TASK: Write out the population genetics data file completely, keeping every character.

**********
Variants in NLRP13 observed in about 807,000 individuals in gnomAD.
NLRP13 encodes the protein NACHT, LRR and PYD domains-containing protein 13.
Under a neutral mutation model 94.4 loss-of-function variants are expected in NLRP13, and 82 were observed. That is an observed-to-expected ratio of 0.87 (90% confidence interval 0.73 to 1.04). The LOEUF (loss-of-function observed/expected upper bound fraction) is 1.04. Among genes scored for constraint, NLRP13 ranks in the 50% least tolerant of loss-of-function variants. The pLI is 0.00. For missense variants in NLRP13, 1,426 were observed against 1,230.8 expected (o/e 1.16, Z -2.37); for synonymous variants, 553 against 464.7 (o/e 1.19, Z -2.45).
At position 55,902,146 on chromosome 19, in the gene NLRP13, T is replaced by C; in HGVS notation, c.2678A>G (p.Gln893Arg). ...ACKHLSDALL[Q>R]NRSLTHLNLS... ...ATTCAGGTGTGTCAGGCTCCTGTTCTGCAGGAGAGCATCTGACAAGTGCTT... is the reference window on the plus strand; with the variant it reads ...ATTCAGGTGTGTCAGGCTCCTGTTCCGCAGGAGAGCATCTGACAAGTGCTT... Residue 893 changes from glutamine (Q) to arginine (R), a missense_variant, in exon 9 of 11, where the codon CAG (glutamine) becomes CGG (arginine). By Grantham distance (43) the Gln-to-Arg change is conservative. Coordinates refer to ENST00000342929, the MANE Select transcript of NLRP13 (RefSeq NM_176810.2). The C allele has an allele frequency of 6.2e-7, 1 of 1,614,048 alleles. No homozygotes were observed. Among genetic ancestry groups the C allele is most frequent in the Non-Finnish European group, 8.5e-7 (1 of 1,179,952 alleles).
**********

Variants in NLRP13 observed in about 807,000 individuals in gnomAD.
NLRP13 encodes the protein NACHT, LRR and PYD domains-containing protein 13.
Under a neutral mutation model 94.4 loss-of-function variants are expected in NLRP13, and 82 were observed. That is an observed-to-expected ratio of 0.87 (90% confidence interval 0.73 to 1.04). The LOEUF (loss-of-function observed/expected upper bound fraction) is 1.04. Among genes scored for constraint, NLRP13 ranks in the 50% least tolerant of loss-of-function variants. The pLI is 0.00. For missense variants in NLRP13, 1,426 were observed against 1,230.8 expected (o/e 1.16, Z -2.37); for synonymous variants, 553 against 464.7 (o/e 1.19, Z -2.45).
At position 55,902,146 on chromosome 19, in the gene NLRP13, T is replaced by C; in HGVS notation, c.2678A>G (p.Gln893Arg). ...ACKHLSDALL[Q>R]NRSLTHLNLS... ...ATTCAGGTGTGTCAGGCTCCTGTTCTGCAGGAGAGCATCTGACAAGTGCTT... is the reference window on the plus strand; with the variant it reads ...ATTCAGGTGTGTCAGGCTCCTGTTCCGCAGGAGAGCATCTGACAAGTGCTT... Residue 893 changes from glutamine (Q) to arginine (R), a missense_variant, in exon 9 of 11, where the codon CAG (glutamine) becomes CGG (arginine). By Grantham distance (43) the Gln-to-Arg change is conservative. Coordinates refer to ENST00000342929, the MANE Select transcript of NLRP13 (RefSeq NM_176810.2). The C allele has an allele frequency of 6.2e-7, 1 of 1,614,048 alleles. No homozygotes were observed. Among genetic ancestry groups the C allele is most frequent in the Non-Finnish European group, 8.5e-7 (1 of 1,179,952 alleles).